Robert C. Spang III, MD
Get to know Dr. Robert Spang, a board-certified orthopedic surgeon at Sports Medicine North. He has fellowship training in both advanced shoulder reconstruction and sports medicine.View Profile
How did you become interested in sports medicine and shoulder surgery?
I’ve always loved sports. I played football, hockey, baseball, and later rugby in college. During medical school, I spent time with Dr. Bill Levine and Dr. Chris Ahmad who take care of the NY Yankees. I saw a patient with shoulder arthritis who couldn’t sleep from pain, couldn’t lift their arm, and asked to have it cut off. I then saw someone who, just six weeks after a shoulder replacement, gave Dr. Levine a high-five without pain. It was then that I fell in love with shoulder surgery. I was hooked even before stepping into the operating room. As time went on, I also fell in love with arthroscopy and minimally invasive techniques, in addition to shoulder replacement.
What is your practice philosophy?
Medicine is as much an art as a science. Listening and bedside manner make a difference. Patients come from diverse backgrounds and have different goals, so I aim to listen and have open, honest discussions about expectations, options, and risks. I strive to treat every patient as I would want my own family members to be treated. Personally, I aim for surgical excellence by visualizing every case beforehand, taking notes after every surgery, and reading and engaging in discussions with others to seek continuous improvement. It’s about lifelong learning.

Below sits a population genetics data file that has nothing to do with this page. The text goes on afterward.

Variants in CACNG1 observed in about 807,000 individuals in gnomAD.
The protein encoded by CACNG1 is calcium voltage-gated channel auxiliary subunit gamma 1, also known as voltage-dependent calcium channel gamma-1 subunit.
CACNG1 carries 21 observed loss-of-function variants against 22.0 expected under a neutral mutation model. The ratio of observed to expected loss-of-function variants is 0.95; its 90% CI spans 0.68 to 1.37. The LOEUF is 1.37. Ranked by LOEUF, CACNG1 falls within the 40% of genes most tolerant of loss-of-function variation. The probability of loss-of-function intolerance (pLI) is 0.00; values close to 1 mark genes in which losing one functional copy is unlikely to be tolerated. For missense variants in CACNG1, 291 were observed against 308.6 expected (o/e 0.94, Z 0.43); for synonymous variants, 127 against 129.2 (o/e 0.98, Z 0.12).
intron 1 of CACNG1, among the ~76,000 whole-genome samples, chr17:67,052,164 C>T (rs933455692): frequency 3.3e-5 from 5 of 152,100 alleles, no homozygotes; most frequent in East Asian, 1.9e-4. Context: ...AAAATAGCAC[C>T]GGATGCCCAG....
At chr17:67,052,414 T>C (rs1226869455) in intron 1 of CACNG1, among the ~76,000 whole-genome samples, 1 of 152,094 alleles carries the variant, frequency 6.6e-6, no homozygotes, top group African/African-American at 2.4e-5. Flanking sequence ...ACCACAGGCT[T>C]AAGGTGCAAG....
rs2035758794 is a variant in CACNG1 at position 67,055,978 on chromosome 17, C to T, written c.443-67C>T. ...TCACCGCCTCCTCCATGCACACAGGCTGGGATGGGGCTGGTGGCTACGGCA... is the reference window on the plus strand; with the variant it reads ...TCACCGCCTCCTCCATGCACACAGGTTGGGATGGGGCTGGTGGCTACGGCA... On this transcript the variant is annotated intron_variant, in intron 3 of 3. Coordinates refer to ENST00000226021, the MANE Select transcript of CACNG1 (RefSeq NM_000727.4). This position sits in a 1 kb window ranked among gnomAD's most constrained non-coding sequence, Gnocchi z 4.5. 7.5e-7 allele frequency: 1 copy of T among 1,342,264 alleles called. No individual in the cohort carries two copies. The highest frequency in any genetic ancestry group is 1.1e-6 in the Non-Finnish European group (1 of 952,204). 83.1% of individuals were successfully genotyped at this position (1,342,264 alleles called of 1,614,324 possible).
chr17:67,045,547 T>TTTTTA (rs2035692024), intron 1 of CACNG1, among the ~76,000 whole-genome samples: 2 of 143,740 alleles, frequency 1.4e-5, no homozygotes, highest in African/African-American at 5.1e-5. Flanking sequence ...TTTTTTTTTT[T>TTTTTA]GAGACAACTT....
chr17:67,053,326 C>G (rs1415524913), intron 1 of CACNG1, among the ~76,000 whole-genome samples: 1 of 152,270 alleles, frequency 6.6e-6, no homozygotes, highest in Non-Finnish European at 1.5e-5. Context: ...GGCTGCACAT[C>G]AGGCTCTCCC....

What trends are you seeing in shoulder surgery? What are you currently most excited about?
I believe robotic surgery is a tremendously valuable tool that will continue to bridge the gap between surgical planning and precise execution. I use robotics for all my knee arthroplasty cases and look forward to its impact on shoulder arthroplasty in the near future.
Why is it important for patients to see a specialist?
My belief is that specialization in medicine is better for patients. My practice focuses almost exclusively on shoulder and knee issues, and I don’t “dabble” in procedures. If I’m not the best surgeon or doctor to take care of a patient’s problem, I find a friend within our organization who is the best and refer the patient to them. If we try to be good at everything, we end up being a master of nothing. It’s all about what’s best for the patient.
What are your personal interests?
I love snowboarding, golf, and spending time with my family in Cape Cod. Despite my time in NYC for med school and with the NY Giants during fellowship, I remain avid Boston sports fan.